Write what you know? Are you so sure?

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JillStar
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Write what you know? Are you so sure?

Postby JillStar » Wed Jan 05, 2005 6:01 pm

I keep hearing people say "write what you know" and I must say, I do agree...

... however...

I find it more challenging and beneficial to write what I don't know. Sometimes I get a raised eyebrows from those who actually "do" know what I'm writing about... but I learn a lot that way and experience a great deal more growth and enjoyment out of writing that way. Not to mention the challenge involved. Actually... when I write things I don't know... I wing it at first to see how much I can figure out on my own, then I go into the researching.

Why would I want to stick to only writing what I know? Besides... if I do that, I won't be writing all that much. :-P
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Postby xcheck24 » Wed Jan 05, 2005 6:12 pm

i write about what i dont know all the time....it's part of being a reporter.

my favorite is writing about something that no one knows about, like angels. i'm writing a comedy about the angel of death and making stuff up just rocks!
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Postby JillStar » Wed Jan 05, 2005 6:26 pm

That's probably my favorite kind of writing... breaking the rules and enjoying every moment!
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Postby Mlou » Wed Jan 05, 2005 6:52 pm

Well, as for "write what you know", don't forget my character Henrietta Tuttle (short story contest) did that and was making a nice chunk of dough from it! :-D
nothing is ever simply Yes or No. There's always a But...


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Postby TheMudge » Thu Jan 06, 2005 8:41 am

You're just a rebel, Jill.

As a copywriter, I will attest that one of the most interesting parts of my job is learning about stuff I never thought about, then writing it down. Thing is . . . writing isn't all about the writer. Part of it is what we can uniquely share with the rest of the world. And the other is, well, you DO write what you know: even when you wing it, mannerisms, expressions, patterns of speech, situations and more are all based on what's in YOUR brain. Y's angels can do ANYthing . . . but they are specifically doing what X thinks they would do.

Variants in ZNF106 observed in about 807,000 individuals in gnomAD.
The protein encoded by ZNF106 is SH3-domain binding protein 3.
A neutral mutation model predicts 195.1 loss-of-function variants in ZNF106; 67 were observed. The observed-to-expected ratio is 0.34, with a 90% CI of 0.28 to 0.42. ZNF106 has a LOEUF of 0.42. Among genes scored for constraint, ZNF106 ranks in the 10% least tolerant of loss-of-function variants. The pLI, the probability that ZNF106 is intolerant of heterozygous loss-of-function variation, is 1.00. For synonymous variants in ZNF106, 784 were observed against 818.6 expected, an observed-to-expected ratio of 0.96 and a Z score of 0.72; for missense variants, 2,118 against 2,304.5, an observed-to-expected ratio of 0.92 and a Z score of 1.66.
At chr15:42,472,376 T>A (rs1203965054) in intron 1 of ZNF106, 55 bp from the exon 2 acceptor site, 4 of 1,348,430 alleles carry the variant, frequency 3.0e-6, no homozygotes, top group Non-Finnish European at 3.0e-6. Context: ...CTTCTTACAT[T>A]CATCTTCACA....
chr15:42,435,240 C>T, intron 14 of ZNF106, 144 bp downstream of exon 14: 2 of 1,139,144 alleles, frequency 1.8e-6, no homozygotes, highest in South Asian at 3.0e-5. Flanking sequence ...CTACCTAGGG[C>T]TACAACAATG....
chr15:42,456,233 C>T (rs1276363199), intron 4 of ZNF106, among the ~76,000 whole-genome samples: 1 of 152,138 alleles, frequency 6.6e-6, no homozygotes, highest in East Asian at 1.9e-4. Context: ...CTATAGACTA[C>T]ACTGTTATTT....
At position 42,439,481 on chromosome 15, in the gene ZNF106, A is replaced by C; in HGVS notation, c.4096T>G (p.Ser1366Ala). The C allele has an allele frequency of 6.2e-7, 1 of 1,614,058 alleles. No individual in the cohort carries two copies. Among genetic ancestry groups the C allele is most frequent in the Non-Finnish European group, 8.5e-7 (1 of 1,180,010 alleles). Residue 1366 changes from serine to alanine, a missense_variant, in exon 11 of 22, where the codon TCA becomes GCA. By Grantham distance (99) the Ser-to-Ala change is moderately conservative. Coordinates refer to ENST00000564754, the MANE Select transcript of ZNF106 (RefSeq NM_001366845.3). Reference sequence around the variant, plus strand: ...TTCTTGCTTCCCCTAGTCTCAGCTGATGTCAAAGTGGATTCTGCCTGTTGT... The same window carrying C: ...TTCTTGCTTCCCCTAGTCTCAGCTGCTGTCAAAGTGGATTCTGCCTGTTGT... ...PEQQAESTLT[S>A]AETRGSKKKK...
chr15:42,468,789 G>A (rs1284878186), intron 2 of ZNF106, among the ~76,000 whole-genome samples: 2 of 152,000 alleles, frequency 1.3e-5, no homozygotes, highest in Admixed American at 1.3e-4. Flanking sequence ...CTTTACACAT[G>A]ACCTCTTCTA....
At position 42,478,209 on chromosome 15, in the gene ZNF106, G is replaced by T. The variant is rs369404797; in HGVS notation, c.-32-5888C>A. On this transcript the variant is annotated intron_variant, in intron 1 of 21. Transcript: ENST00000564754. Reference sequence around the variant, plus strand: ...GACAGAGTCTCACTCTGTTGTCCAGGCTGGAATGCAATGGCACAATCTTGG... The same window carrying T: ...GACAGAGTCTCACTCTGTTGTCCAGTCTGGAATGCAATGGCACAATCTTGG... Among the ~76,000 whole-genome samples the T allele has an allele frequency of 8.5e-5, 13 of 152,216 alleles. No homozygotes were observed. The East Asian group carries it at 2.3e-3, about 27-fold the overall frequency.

Stephen King has never seen a car come to life (we hope), nor seen a girl go telekinetically crazy at a high school prom. But he DOES know, HAS experienced, life in and around the coasts of Maine . . . one of the reasons his stories are so damn scary is that they take ONE supernatural element and put it into a situation that is VERY realistic . . . and he KNOWS it's realistic, because he LIVES there.

Research is a fine and wonderful thing, but it is much harder to write believably about something that you've never lived.
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Postby blank_parchment » Sun Jan 23, 2005 3:24 pm

I think write what you know is something that should only be stuck to on strick ground in school (or so my teachers keep telling me- write your imaginative crap on your own time, blah blah). The problem with going outside of what you know is that many people can't pull it off, so this is a nice general rule for the less prose-gifted. But you can learn a lot and come up with some great stuff even if none of it (or very little) is within your experience. It works for me at least!

- :? I think I lost my poin thalfway through that one... :cry:
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Postby JillStar » Sun Jan 23, 2005 3:41 pm

I think I understand what you're saying there blank... If we at least start out writing what we know, then we'll seem to know what we're writing. Or something like that.

I know that there have been times I write something that I don't know and sure enough I come across someone who's on to me. "What are you trying to say here Jill?"

But if I only write what I know... I'll end up giving up on writing because I get bored way to easily. Hell... its amazing I'm still on this site.

j/k Charles and Mudge :?
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Postby Mlou » Sun Jan 23, 2005 7:06 pm